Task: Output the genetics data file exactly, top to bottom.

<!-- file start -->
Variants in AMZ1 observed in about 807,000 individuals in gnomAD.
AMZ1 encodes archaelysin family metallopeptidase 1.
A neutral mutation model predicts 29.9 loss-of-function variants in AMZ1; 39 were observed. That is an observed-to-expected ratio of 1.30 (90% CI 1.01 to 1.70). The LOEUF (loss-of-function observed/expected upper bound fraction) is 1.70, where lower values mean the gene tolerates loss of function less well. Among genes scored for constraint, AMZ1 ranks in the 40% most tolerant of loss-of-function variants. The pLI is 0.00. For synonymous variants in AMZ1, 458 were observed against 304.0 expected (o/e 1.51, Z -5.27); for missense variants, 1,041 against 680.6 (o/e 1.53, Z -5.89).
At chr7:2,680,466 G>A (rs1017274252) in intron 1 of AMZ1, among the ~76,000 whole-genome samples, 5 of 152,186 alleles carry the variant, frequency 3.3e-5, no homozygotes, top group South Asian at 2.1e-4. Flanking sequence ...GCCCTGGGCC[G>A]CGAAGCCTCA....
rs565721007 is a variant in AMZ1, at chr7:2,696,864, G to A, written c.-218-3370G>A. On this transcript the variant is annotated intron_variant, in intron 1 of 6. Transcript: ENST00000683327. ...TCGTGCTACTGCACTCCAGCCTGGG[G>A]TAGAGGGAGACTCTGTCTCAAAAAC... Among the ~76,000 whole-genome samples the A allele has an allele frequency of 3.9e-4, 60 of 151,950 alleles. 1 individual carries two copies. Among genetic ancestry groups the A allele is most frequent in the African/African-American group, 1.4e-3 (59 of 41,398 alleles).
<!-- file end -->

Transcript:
Variants in AMZ1 observed in about 807,000 individuals in gnomAD.
AMZ1 encodes archaelysin family metallopeptidase 1.
A neutral mutation model predicts 29.9 loss-of-function variants in AMZ1; 39 were observed. That is an observed-to-expected ratio of 1.30 (90% CI 1.01 to 1.70). The LOEUF (loss-of-function observed/expected upper bound fraction) is 1.70, where lower values mean the gene tolerates loss of function less well. Among genes scored for constraint, AMZ1 ranks in the 40% most tolerant of loss-of-function variants. The pLI is 0.00. For synonymous variants in AMZ1, 458 were observed against 304.0 expected (o/e 1.51, Z -5.27); for missense variants, 1,041 against 680.6 (o/e 1.53, Z -5.89).
At chr7:2,680,466 G>A (rs1017274252) in intron 1 of AMZ1, among the ~76,000 whole-genome samples, 5 of 152,186 alleles carry the variant, frequency 3.3e-5, no homozygotes, top group South Asian at 2.1e-4. Flanking sequence ...GCCCTGGGCC[G>A]CGAAGCCTCA....
rs565721007 is a variant in AMZ1, at chr7:2,696,864, G to A, written c.-218-3370G>A. On this transcript the variant is annotated intron_variant, in intron 1 of 6. Transcript: ENST00000683327. ...TCGTGCTACTGCACTCCAGCCTGGG[G>A]TAGAGGGAGACTCTGTCTCAAAAAC... Among the ~76,000 whole-genome samples the A allele has an allele frequency of 3.9e-4, 60 of 151,950 alleles. 1 individual carries two copies. Among genetic ancestry groups the A allele is most frequent in the African/African-American group, 1.4e-3 (59 of 41,398 alleles).